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ASAUK 2018 Conference at the University of Birmingham

24 Dec 2018 - 13:30
Caption: Paulo Fernando de Moraes Farias and Karin Barber receiving the Distinguished Africanist Awards for 2017 and 2018 (photo courtesy of the ASAUK)

 

By Susana Molins Lliteras

In mid-September, I attended the African Studies Association of the UK (ASAUK) 27th biennial conference, held at the University of Birmingham. This massive international conference, with over 800 delegates and 15 exhibitors, contributing to 40 streams and 166 panels, 16 roundtables, and seven book launches, was the Association's largest and most diverse conference yet. Very revealing in my mind was the domination—still—of 'developmental' and 'anthropological' disciplines within African Studies, exemplified by the new books on offer for sale and the majority of panel themes at the conference.

At this type of event, there is always a bit of a who is who, academic-name dropping politics and the ASAUK was no different.  Interestingly, scholars based at South African universities played a prominent role in this regard, with Grace Musila giving the conference keynote address entitled "Makhumalo's Spaza Shop|Lena Moi's Dance" and Francis Nyamnjoh receiving the Fage and Oliver Prize for the best monograph in African Studies published or distributed in the UK for his #RhodesMustFall: Nibbling at Resilient Colonialism in South Africa.  Deservingly in my view, two of the University of Birmingham's African Studies stalwarts, Paulo Fernando de Moraes Farias and Karin Barber, were awarded the Distinguished Africanist Awards for 2017 and 2018.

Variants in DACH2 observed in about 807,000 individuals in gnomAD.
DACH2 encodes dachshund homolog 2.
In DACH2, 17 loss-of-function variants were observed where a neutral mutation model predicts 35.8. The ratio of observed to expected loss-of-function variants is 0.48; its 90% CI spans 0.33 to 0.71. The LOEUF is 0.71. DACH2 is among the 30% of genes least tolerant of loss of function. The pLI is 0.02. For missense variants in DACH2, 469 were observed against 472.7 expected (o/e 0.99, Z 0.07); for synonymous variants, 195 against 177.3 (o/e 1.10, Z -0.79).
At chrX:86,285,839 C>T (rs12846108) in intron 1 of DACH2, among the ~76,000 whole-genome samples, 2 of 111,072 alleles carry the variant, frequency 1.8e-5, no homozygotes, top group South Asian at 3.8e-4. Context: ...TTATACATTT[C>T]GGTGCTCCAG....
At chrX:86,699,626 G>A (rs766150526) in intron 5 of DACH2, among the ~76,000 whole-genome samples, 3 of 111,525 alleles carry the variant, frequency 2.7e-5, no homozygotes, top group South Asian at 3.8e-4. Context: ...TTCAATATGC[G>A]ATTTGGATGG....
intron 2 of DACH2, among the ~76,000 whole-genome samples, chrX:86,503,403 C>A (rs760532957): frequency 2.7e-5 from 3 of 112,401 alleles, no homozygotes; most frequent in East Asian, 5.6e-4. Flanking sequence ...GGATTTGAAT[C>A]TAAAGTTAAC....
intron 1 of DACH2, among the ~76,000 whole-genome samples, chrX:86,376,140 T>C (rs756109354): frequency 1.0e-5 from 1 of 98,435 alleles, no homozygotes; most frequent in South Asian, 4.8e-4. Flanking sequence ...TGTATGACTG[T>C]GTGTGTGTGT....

I was part of a stream entitled "Muslim Written Intellectual Tradition in Africa," consisting of seven panels and seventeen papers, which made attending this conference particularly worthwhile. I was able to reconnect with old colleagues, keeping abreast with their latest research and meet some new up-and-coming researchers working with African manuscripts in innovative ways. Particularly encouraging was seeing the predominance of a history of the book approach to the manuscripts, as opposed to a content-only centred methodology which predominated our field in the last decades. Nevertheless, the refusal of a UK visa for a number of our African colleagues was an apt reminder of the multiple manifestations of the imbalance of power between scholars and institutions from the Global North and South, particularly exacerbated as this was, after all, an African Studies conference.